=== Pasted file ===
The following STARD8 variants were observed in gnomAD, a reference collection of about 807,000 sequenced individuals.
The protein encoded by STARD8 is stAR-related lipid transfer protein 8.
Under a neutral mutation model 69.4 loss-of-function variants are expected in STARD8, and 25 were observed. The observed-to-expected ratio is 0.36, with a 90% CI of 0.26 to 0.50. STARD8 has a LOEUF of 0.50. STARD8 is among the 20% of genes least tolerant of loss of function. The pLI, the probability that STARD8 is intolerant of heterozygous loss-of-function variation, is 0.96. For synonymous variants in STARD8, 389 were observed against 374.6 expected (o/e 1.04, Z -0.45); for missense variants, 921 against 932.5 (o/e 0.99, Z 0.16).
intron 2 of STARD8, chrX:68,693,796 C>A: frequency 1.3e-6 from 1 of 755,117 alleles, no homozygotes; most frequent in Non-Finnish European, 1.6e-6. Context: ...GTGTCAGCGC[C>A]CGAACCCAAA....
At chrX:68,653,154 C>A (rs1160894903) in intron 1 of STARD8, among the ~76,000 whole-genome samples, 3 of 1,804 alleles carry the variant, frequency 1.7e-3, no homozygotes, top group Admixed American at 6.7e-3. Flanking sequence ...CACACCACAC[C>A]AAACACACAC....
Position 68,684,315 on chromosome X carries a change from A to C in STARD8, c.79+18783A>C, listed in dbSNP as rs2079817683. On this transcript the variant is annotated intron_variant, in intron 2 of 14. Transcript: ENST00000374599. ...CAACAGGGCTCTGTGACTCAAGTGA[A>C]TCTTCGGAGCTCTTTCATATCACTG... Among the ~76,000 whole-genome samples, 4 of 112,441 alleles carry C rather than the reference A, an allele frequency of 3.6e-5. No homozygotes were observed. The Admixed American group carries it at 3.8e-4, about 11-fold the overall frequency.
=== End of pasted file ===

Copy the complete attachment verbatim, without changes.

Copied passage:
The following STARD8 variants were observed in gnomAD, a reference collection of about 807,000 sequenced individuals.
The protein encoded by STARD8 is stAR-related lipid transfer protein 8.
Under a neutral mutation model 69.4 loss-of-function variants are expected in STARD8, and 25 were observed. The observed-to-expected ratio is 0.36, with a 90% CI of 0.26 to 0.50. STARD8 has a LOEUF of 0.50. STARD8 is among the 20% of genes least tolerant of loss of function. The pLI, the probability that STARD8 is intolerant of heterozygous loss-of-function variation, is 0.96. For synonymous variants in STARD8, 389 were observed against 374.6 expected (o/e 1.04, Z -0.45); for missense variants, 921 against 932.5 (o/e 0.99, Z 0.16).
intron 2 of STARD8, chrX:68,693,796 C>A: frequency 1.3e-6 from 1 of 755,117 alleles, no homozygotes; most frequent in Non-Finnish European, 1.6e-6. Context: ...GTGTCAGCGC[C>A]CGAACCCAAA....
At chrX:68,653,154 C>A (rs1160894903) in intron 1 of STARD8, among the ~76,000 whole-genome samples, 3 of 1,804 alleles carry the variant, frequency 1.7e-3, no homozygotes, top group Admixed American at 6.7e-3. Flanking sequence ...CACACCACAC[C>A]AAACACACAC....
Position 68,684,315 on chromosome X carries a change from A to C in STARD8, c.79+18783A>C, listed in dbSNP as rs2079817683. On this transcript the variant is annotated intron_variant, in intron 2 of 14. Transcript: ENST00000374599. ...CAACAGGGCTCTGTGACTCAAGTGA[A>C]TCTTCGGAGCTCTTTCATATCACTG... Among the ~76,000 whole-genome samples, 4 of 112,441 alleles carry C rather than the reference A, an allele frequency of 3.6e-5. No homozygotes were observed. The Admixed American group carries it at 3.8e-4, about 11-fold the overall frequency.